Could Certain Jobs Lead To Long-Term Diseases?

January 21, 2020
By Glauber Berenson Vego

Aging is a natural process that can lead to deterioration of parts of the brain and bodily functions. Some more common forms of aging are the signs of Alzheimer’s disease, Parkinson’s disease, heart disease, arthritis, type 2 diabetes, hypertension and eye problems.

While some of these diseases can be genetic and passed down to you from your parents or grandparents, odds are, you could develop some of them on your own, depending on the lifestyle you live, among other factors.

How lifestyle influences health problems

Lifestyle choices play a huge role in how we shape our health and wellness, but some aspects of our lives are not so easy to change. One of these aspects is our job. According to the Bureau of Labor Statistics, the average American spends about 8.5 hours working each day during the workweek. This does not account for overtime or time spent working on the weekends.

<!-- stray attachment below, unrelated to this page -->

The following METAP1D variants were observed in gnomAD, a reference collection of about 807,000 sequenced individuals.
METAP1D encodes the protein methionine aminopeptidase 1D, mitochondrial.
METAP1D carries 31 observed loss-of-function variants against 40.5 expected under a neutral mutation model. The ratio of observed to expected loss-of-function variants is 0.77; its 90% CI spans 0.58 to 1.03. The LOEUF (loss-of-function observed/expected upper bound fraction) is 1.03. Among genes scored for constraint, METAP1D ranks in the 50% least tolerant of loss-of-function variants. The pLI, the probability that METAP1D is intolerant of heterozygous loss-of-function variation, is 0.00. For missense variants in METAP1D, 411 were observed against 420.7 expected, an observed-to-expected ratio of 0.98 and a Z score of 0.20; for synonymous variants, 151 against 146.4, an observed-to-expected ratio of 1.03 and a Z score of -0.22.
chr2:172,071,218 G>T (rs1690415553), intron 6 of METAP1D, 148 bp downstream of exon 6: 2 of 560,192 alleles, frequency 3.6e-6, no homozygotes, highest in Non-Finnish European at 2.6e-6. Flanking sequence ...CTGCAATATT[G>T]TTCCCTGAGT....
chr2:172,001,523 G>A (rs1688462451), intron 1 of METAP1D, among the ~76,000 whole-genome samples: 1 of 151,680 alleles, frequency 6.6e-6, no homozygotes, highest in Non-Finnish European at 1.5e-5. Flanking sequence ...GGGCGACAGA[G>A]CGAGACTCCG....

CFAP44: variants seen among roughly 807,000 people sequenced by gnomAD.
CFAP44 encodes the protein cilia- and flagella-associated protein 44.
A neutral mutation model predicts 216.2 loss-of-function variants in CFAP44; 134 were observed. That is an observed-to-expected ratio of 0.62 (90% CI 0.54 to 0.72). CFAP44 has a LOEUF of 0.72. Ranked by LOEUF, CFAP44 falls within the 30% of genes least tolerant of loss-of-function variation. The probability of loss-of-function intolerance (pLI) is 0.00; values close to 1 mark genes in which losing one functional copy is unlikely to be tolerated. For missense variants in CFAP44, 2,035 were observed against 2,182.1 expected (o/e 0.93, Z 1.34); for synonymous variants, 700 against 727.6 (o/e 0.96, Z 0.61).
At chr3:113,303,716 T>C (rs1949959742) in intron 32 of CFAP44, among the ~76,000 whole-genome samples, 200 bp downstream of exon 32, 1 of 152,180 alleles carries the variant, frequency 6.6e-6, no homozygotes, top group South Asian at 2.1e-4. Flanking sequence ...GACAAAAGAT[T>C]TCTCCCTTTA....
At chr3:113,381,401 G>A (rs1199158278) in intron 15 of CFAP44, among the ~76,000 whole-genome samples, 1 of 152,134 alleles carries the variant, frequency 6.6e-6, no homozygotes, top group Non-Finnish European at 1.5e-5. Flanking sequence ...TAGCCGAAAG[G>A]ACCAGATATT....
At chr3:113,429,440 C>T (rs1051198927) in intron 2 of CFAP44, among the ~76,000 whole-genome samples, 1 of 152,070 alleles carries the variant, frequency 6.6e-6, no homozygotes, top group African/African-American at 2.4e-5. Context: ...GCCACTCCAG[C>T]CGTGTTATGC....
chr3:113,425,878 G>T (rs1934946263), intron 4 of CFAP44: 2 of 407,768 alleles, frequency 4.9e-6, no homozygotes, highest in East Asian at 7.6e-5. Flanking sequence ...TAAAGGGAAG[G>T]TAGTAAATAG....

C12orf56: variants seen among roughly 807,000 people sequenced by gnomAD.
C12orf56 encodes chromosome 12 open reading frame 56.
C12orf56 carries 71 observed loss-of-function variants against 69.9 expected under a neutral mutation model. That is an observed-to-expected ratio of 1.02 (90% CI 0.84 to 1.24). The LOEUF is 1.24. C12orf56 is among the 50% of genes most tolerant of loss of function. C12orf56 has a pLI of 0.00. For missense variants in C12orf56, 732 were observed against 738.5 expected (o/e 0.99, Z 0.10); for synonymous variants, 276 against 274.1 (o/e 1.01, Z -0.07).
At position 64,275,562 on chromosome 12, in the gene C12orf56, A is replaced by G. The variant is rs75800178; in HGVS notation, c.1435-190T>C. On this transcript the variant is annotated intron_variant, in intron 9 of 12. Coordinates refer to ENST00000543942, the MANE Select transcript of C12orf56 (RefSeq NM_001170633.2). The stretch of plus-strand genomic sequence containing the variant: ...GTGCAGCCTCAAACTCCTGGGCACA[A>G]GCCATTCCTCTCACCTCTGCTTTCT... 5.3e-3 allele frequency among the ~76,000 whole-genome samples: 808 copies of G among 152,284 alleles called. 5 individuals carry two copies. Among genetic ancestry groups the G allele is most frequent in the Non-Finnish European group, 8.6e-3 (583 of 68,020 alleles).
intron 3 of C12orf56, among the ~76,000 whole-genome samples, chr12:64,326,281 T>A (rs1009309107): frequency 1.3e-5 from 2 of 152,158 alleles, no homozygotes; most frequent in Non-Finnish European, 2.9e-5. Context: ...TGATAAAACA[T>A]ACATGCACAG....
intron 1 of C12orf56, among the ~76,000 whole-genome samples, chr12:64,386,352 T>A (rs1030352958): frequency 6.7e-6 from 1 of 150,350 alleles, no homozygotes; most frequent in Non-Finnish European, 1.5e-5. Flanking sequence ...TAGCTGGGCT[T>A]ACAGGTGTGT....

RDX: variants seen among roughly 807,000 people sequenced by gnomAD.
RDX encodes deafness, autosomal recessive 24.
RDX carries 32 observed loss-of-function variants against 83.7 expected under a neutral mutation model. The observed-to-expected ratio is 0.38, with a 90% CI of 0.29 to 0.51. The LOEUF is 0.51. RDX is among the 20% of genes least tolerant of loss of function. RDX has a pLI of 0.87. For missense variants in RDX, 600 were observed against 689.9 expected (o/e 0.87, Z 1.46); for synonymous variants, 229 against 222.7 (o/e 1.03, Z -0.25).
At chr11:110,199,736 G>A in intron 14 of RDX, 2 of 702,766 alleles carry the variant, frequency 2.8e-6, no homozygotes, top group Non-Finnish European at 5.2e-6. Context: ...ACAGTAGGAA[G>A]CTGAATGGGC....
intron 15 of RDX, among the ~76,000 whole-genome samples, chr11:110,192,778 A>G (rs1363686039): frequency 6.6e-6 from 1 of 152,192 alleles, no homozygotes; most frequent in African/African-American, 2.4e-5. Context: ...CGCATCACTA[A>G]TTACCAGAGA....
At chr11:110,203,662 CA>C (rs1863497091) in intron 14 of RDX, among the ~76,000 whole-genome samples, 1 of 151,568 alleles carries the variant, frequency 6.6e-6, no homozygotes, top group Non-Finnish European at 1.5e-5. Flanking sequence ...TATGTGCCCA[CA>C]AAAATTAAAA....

For those who work long hours or even night shifts, there’s not a lot of time left to spend with family or participating in physical activities. The focus during off times is on buying groceries, cleaning the house, running errands or helping the kids with homework.

Jobs that increase the risks of diseases

Your job shapes the way you live your life, and unfortunately, some jobs are riskier than others when it comes to developing illnesses that attack the heart and brain. Some workers more likely to be affected include:

  • Construction workers
  • Warehouse workers
  • Laborers
  • Cashiers
  • Shelf stockers

Factors that promote a healthy lifestyle

Fortunately, there are things people who work long hours can do to improve their health. Some of them include:

  • Eating healthy foods
  • Walking or running for at least 30 minutes per day
  • Having a good night sleep
  • Taking stretch and walking breaks at work
  • Practicing mental exercises such as doing crossword puzzles and learning a new skill

While workers control how they get healthy outside of work, some employers could be required to make sure their employees live a healthy lifestyle at work, as well. Unfortunately, if the type of job you do cause you to fall ill or develop chronic illnesses, it might be beneficial to seek the compensation you deserve to live a healthy life.